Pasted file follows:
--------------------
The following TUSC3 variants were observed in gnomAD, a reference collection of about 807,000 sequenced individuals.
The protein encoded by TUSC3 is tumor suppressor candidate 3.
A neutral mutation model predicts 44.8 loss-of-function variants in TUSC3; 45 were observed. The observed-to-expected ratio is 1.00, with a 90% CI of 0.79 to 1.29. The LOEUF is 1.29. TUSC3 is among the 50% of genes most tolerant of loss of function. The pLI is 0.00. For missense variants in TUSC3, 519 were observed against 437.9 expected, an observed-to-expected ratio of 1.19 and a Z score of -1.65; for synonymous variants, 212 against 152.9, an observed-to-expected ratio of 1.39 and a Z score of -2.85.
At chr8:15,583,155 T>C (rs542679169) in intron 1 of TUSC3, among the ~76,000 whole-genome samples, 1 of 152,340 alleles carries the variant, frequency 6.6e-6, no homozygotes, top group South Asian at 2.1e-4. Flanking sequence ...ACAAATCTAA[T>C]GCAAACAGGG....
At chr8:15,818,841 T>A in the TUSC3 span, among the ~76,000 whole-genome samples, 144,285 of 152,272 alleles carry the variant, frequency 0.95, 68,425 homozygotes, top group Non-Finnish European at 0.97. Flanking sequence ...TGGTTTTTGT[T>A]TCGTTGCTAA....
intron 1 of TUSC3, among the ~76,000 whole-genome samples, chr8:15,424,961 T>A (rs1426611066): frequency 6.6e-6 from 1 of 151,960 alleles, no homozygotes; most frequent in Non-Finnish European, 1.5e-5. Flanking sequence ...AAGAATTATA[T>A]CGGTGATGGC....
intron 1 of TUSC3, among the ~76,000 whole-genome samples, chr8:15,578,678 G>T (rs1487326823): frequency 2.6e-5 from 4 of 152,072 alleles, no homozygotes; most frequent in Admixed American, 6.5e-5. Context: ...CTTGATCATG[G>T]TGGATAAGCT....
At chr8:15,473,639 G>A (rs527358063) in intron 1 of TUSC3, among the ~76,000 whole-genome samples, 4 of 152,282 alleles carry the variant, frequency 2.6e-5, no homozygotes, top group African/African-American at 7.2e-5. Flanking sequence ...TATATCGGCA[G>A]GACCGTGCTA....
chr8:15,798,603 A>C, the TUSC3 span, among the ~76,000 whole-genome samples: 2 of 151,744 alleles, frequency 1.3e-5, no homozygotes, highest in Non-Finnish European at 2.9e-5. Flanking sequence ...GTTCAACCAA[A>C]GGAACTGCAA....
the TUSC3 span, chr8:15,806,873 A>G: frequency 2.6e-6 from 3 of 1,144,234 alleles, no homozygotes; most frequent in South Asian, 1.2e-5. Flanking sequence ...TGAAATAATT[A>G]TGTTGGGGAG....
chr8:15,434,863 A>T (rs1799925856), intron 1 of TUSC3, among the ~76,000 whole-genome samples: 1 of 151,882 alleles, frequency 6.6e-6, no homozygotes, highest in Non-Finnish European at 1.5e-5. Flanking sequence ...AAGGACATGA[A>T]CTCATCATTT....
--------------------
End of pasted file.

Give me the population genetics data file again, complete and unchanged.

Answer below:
The following TUSC3 variants were observed in gnomAD, a reference collection of about 807,000 sequenced individuals.
The protein encoded by TUSC3 is tumor suppressor candidate 3.
A neutral mutation model predicts 44.8 loss-of-function variants in TUSC3; 45 were observed. The observed-to-expected ratio is 1.00, with a 90% CI of 0.79 to 1.29. The LOEUF is 1.29. TUSC3 is among the 50% of genes most tolerant of loss of function. The pLI is 0.00. For missense variants in TUSC3, 519 were observed against 437.9 expected, an observed-to-expected ratio of 1.19 and a Z score of -1.65; for synonymous variants, 212 against 152.9, an observed-to-expected ratio of 1.39 and a Z score of -2.85.
At chr8:15,583,155 T>C (rs542679169) in intron 1 of TUSC3, among the ~76,000 whole-genome samples, 1 of 152,340 alleles carries the variant, frequency 6.6e-6, no homozygotes, top group South Asian at 2.1e-4. Flanking sequence ...ACAAATCTAA[T>C]GCAAACAGGG....
At chr8:15,818,841 T>A in the TUSC3 span, among the ~76,000 whole-genome samples, 144,285 of 152,272 alleles carry the variant, frequency 0.95, 68,425 homozygotes, top group Non-Finnish European at 0.97. Flanking sequence ...TGGTTTTTGT[T>A]TCGTTGCTAA....
intron 1 of TUSC3, among the ~76,000 whole-genome samples, chr8:15,424,961 T>A (rs1426611066): frequency 6.6e-6 from 1 of 151,960 alleles, no homozygotes; most frequent in Non-Finnish European, 1.5e-5. Flanking sequence ...AAGAATTATA[T>A]CGGTGATGGC....
intron 1 of TUSC3, among the ~76,000 whole-genome samples, chr8:15,578,678 G>T (rs1487326823): frequency 2.6e-5 from 4 of 152,072 alleles, no homozygotes; most frequent in Admixed American, 6.5e-5. Context: ...CTTGATCATG[G>T]TGGATAAGCT....
At chr8:15,473,639 G>A (rs527358063) in intron 1 of TUSC3, among the ~76,000 whole-genome samples, 4 of 152,282 alleles carry the variant, frequency 2.6e-5, no homozygotes, top group African/African-American at 7.2e-5. Flanking sequence ...TATATCGGCA[G>A]GACCGTGCTA....
chr8:15,798,603 A>C, the TUSC3 span, among the ~76,000 whole-genome samples: 2 of 151,744 alleles, frequency 1.3e-5, no homozygotes, highest in Non-Finnish European at 2.9e-5. Flanking sequence ...GTTCAACCAA[A>C]GGAACTGCAA....
the TUSC3 span, chr8:15,806,873 A>G: frequency 2.6e-6 from 3 of 1,144,234 alleles, no homozygotes; most frequent in South Asian, 1.2e-5. Flanking sequence ...TGAAATAATT[A>G]TGTTGGGGAG....
chr8:15,434,863 A>T (rs1799925856), intron 1 of TUSC3, among the ~76,000 whole-genome samples: 1 of 151,882 alleles, frequency 6.6e-6, no homozygotes, highest in Non-Finnish European at 1.5e-5. Flanking sequence ...AAGGACATGA[A>T]CTCATCATTT....